You asked, we listened—more productivity features to close out Spanner’s year

Cloud Spanner has had a busy year. We’ve rolled out more enterprise features, including managed backup and restore, local emulator, and numerous multi-region configurations. It’s easier than ever to test and deploy applications across multiple regions without manual sharding, downtime, or patching, and with an industry-leading SLA of 99.999%.

In addition to enterprise features, we continued our focus on making developers more productive. Earlier this year we launched foreign keys, C++ client library, query optimizer, and various introspection features. In this post, we’ll discuss three recently launched Spanner features: check constraints, generated columns, and NUMERIC data type. We launched these features to boost your productivity when building an application on Spanner. Read on for a brief description of each feature, and an example of how check constraints and generated columns can be combined to provide additional referential integrity to your application. 

Check constraints

A check constraint allows you to specify that the values of one or more columns must satisfy a boolean expression. With check constraints, you can specify predicates (boolean expressions) on a table, and require that all rows in the table satisfy those predicates. For example, you can require that the end time of a concert is later than its start time:

Here, we see the “start_before_end” constraint requires the value of the StartTime column to be less than the EndTime, otherwise an insert or update for any row will fail. Check constraints join foreign keys,NOT NULL constraints, and UNIQUE indexes as methods to add integrity constraints to your database.

Generated columns

A generated column is a column whose value is computed from other columns in the same row. This is useful to push down critical data logic into the database, instead of relying on the application layer. Generated columns can make a query simpler or save the cost of evaluating an expression at query time. Like other column types, they can also be indexed or used as a foreign key. For example, you can create a generated column that concatenates the first and last name fields into a new column:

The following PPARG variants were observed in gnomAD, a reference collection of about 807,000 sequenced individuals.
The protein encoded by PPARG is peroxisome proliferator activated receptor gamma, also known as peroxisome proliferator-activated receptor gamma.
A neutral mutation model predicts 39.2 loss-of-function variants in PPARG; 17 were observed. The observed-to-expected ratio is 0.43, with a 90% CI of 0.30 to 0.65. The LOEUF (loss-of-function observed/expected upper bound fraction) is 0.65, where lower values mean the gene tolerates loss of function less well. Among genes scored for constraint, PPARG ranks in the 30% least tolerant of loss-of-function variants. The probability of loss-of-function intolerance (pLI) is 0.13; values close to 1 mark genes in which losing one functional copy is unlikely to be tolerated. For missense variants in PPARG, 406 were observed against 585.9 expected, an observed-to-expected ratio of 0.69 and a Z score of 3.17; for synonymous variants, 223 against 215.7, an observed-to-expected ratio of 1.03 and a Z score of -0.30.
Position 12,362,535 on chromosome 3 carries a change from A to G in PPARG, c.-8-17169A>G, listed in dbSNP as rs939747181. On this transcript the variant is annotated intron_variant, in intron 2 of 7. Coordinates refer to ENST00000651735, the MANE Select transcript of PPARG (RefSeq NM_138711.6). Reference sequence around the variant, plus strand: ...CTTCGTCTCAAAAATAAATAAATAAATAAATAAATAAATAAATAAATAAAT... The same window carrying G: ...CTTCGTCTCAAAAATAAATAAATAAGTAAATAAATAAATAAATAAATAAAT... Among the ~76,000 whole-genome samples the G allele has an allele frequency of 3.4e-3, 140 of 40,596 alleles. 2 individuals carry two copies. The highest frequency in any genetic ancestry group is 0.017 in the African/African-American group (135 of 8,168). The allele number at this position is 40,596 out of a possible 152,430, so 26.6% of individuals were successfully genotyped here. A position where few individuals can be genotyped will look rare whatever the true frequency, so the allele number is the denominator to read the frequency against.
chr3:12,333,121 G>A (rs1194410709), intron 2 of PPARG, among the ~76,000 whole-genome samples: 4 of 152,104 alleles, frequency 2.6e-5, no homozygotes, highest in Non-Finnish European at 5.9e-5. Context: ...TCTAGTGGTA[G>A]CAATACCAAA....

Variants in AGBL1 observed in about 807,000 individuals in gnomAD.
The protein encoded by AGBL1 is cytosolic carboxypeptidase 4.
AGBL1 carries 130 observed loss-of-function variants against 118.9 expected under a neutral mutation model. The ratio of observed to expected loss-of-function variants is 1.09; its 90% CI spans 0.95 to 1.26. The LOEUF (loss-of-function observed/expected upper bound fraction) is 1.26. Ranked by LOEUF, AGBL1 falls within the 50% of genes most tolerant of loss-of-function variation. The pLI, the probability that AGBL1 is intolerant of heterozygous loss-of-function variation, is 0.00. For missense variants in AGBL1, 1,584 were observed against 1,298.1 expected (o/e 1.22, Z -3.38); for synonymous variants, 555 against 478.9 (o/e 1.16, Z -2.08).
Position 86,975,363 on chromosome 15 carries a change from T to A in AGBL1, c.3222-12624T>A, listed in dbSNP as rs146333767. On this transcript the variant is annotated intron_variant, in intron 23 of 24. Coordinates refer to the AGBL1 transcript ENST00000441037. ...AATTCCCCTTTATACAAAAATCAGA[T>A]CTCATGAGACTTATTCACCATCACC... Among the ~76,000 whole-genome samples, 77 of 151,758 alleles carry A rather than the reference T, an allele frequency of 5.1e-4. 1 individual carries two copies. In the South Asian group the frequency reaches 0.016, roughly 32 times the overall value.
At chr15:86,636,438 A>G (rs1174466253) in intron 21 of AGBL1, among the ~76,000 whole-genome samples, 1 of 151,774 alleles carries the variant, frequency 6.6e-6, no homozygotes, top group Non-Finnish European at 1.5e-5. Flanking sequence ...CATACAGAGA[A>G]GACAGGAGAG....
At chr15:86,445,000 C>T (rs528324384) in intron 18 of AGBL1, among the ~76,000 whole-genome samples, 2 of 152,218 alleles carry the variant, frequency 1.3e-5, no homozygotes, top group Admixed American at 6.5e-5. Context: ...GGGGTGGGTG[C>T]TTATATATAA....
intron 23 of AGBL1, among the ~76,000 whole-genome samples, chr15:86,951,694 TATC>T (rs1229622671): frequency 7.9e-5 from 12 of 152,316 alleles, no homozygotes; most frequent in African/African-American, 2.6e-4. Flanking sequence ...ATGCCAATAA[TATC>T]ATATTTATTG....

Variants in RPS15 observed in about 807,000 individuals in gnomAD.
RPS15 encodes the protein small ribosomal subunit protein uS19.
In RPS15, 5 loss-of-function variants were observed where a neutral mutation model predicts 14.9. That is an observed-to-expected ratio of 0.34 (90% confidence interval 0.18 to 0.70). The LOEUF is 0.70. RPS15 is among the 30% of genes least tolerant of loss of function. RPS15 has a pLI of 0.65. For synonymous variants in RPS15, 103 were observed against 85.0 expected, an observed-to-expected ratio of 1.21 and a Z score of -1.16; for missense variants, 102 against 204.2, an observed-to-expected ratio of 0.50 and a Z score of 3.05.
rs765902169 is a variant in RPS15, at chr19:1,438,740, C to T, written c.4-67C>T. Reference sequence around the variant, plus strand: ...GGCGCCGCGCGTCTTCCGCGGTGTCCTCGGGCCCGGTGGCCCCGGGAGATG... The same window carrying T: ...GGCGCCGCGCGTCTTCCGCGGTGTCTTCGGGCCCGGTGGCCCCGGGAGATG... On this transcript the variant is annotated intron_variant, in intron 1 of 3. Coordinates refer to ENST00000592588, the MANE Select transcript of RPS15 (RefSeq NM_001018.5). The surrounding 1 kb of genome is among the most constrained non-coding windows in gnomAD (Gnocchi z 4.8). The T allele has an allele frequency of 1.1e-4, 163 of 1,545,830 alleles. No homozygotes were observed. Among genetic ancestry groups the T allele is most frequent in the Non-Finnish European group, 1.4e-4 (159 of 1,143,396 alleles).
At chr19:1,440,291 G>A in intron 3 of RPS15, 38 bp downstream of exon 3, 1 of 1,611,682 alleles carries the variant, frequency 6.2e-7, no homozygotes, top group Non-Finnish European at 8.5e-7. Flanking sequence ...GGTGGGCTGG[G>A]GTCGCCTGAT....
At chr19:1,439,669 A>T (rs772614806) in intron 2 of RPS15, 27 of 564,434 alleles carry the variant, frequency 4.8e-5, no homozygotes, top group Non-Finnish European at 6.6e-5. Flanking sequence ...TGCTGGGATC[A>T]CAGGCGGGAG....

In this example, the value of “FullName” is computed when a new row is inserted or when “FirstName” and/or “LastName” is updated for an existing row. The computed value is stored and accessed the same way as other columns in the table, but can’t be updated on its own. 

NUMERIC data type

Customer requests are a crucial part of how we prioritize features, and NUMERIC data type was a common request. The NUMERIC data type provides precision, useful across many industries and functions, such as financial, scientific, or engineering applications. NUMERIC is useful, where a precision of 30 digits or more is commonly required. Spanner’s NUMERIC has precision of 38 and scale of 9, meaning it can store a number with a total of 38 digits, 9 of which can be fractional (i.e., to the right of the decimal). When you need to store an arbitrary precision number in a Spanner database, and you need more precision than NUMERIC provides, we recommend that you store the value as its decimal representation in a STRING column.

Using new Spanner features in an example use case

In the following example, we look at an ecommerce application and see how check constraints, generated columns, and basic indexing can help improve application performance and reliability. A common pattern for an ecommerce site might be creating a case-insensitive search for a product. In many cases, product names are stored case-sensitively, and the practice of capitalization can vary greatly. To improve the performance of searching over product names, we can create a generated column that converts product name to uppercase and then create an index on that.

The schema for the product table could look like this:

You now have a generated column that stores the product name column with all capital letters. This generated column is stored like any other column in the table, and can be indexed for faster lookups:

To search a product name, convert the search term into uppercase first. We also need to instruct Spanner to use the index we just created:

Now when we query over the product name, we get faster and consistent results, regardless of how the product is capitalized in the listing.

An ecommerce company may also keep a separate pricing table for its products. A few simple check constraints can make sure that prices for products don’t enter an invalid state, and that discount programs don’t overlap. For example, the following constraint checks that a product price cannot be negative:

The pricing table also has two columns for discounts, one of which is a seasonal discount that applies during certain seasonal holidays, and another that is provided for new customer registrations. Here we can add a check constraint to an existing table to ensure that only one discount is active at a time:

For many customers, check constraints, generated columns, and NUMERIC data type will be welcome additions to the toolbox for defining schema and creating high-performing applications. 

We hope that this year’s launches have made it easier to build, test, and deploy your applications using Spanner as your globally consistent database. We look forward to your feedback, and stay tuned for a busy 2021.

Learn more

To get started with Spanner, create an instanceor try it out with a Spanner Qwiklab.

Read More